Orchestra of the Age of Enlightenment

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Late nights and difficult glockenspiels. The OAE in Bucharest.

Wed Sep 30 2015

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Earlier this week cellist Josh Salter blogged about our trip to Eisenstadt. What his blog didn’t tell you however is that for some musicians our hectic schedule meant landing from Austria and going straight into rehearsal for our next tour – to Bucharest.

Yes, some unfortunate musicians literally travelled straight from Heathrow to our rehearsal venue to get ready for this trip, which consisted of two concerts – one an all Handel concert featuring Concerto Grossi and Organ Concertos, and the other a performance of Handel’s Saul, with many of the cast members from this summer’s Glyndebourne production. Both were directed by regular OAE collaborator Laurence Cummings.

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Travelling posed some new difficulties this time. We’re used to the generally complicated process of checking double basses onto a flight but this time we also had a glockenspiel – which weighed a mere 46kgs. It got there in *almost* one piece, having lost a wheel en route which made transport rather tricky…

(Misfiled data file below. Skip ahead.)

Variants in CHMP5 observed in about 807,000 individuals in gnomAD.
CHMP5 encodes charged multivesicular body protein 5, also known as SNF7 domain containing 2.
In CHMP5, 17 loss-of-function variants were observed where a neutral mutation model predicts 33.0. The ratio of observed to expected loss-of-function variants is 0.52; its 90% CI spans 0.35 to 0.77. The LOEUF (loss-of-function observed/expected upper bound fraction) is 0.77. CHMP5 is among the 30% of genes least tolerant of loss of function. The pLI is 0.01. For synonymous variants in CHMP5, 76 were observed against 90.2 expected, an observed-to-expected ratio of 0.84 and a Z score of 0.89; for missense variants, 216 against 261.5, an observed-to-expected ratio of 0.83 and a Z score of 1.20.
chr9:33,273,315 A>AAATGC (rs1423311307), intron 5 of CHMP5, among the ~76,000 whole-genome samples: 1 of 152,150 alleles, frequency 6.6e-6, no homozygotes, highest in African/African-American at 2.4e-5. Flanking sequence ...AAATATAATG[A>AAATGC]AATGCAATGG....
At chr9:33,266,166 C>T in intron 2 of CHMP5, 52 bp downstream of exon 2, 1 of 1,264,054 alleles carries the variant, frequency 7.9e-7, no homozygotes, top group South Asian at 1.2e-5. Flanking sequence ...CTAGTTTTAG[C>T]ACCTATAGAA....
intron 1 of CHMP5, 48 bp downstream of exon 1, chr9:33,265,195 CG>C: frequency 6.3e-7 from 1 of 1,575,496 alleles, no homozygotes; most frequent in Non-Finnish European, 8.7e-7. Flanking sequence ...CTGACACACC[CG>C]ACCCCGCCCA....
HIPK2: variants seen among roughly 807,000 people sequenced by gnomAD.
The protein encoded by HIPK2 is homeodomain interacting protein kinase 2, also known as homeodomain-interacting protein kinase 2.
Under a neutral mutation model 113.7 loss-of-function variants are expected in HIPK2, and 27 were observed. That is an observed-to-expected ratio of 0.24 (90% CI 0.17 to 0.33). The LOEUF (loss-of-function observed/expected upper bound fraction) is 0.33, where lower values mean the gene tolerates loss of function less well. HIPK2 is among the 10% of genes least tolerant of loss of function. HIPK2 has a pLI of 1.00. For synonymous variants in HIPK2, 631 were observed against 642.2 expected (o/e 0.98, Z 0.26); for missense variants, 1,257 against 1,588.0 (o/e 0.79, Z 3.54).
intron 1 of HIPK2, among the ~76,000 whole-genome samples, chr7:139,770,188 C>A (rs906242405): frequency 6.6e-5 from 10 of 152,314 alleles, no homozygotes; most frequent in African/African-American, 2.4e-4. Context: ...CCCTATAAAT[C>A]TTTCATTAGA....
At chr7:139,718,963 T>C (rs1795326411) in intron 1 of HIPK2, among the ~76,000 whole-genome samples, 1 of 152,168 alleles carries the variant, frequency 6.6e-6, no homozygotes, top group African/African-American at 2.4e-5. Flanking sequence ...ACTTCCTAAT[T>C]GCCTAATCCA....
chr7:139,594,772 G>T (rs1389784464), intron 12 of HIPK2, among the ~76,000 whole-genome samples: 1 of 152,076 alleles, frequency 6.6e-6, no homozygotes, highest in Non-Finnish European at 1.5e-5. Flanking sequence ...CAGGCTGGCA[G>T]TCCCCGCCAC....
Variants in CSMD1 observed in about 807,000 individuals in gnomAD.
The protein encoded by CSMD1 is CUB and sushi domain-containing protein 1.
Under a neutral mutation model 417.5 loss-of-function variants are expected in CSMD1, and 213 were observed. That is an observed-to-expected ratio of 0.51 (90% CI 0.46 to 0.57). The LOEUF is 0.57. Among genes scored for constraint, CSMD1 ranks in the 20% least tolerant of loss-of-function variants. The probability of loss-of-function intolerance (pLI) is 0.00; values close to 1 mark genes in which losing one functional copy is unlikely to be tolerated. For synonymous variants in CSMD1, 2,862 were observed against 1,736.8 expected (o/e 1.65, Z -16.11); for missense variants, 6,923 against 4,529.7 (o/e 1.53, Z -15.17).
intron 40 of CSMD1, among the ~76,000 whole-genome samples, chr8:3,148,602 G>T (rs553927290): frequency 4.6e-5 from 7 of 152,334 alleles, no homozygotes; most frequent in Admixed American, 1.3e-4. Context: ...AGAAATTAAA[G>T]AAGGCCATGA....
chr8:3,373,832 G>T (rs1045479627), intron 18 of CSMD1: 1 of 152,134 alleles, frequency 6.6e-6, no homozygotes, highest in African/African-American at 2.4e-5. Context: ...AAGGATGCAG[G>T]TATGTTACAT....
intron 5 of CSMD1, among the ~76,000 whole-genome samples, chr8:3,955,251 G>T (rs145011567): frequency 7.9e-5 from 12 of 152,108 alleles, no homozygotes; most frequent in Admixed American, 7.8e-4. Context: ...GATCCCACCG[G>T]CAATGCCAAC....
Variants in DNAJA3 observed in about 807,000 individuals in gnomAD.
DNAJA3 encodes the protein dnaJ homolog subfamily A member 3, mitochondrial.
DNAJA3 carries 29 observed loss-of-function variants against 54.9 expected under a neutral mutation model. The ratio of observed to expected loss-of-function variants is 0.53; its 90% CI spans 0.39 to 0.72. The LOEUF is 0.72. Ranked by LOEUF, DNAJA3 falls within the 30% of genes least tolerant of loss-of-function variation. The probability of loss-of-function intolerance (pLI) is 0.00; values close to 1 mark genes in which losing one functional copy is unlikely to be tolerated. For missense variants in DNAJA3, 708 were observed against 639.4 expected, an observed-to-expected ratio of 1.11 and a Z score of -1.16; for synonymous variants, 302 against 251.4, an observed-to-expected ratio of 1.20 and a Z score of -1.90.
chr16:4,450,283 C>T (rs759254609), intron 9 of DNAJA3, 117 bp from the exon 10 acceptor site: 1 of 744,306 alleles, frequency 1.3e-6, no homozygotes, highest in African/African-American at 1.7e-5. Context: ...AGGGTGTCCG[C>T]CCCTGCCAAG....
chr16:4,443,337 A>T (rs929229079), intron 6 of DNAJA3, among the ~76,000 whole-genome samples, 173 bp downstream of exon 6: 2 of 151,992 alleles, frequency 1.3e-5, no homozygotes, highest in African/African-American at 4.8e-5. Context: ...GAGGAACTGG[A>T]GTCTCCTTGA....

Not only that but we found once we arrived that one of the keys refused to work. Cue a game of ‘how many musicians does it take to fix a glockenspiel’ with soloists and Laurence Cummings gathering around to ‘help’ our Orchestra Manager Philippa Brownsword fix it (which she duly did).

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At the OAE we’re used to late start times. Our late-night Night Shift series usually kicks off at 10pm, but the scheduling of the Festival meant that our concerts started at the even later time of 10.30pm. Now Saul is not a short piece – so the Orchestra and audience were still there at 1.30am. Incredibly the audience still had the energy for a standing ovation!

This late finish made for an interesting evening when we had to be on the coach for the airport at 5.45am. We suspect a few hardy souls decided that bed simply wasn’t worth it…

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We can’t blog about the tour without making mention of the venue, the glorious Romanian Athenaeum. A truly stunning concert hall, the ceiling featuring a pictorial history of Romania.

Our two day stay also meant there was (unusually) time for a little sight seeing, including taking a look at the Palace of Parliament. It’s apparently the world’s second largest building (after the Pentagon) and despite having 3000 rooms is still unfinished. You probably won’t be surprised to hear that it was originally built by former dictator Nicolae Ceauşescu.

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Huge thanks to the Enescu Festival for having us – despite the intense schedule we really enjoyed playing in such a fantastic venue and to such enthusiastic audiences. Now onto the next project…

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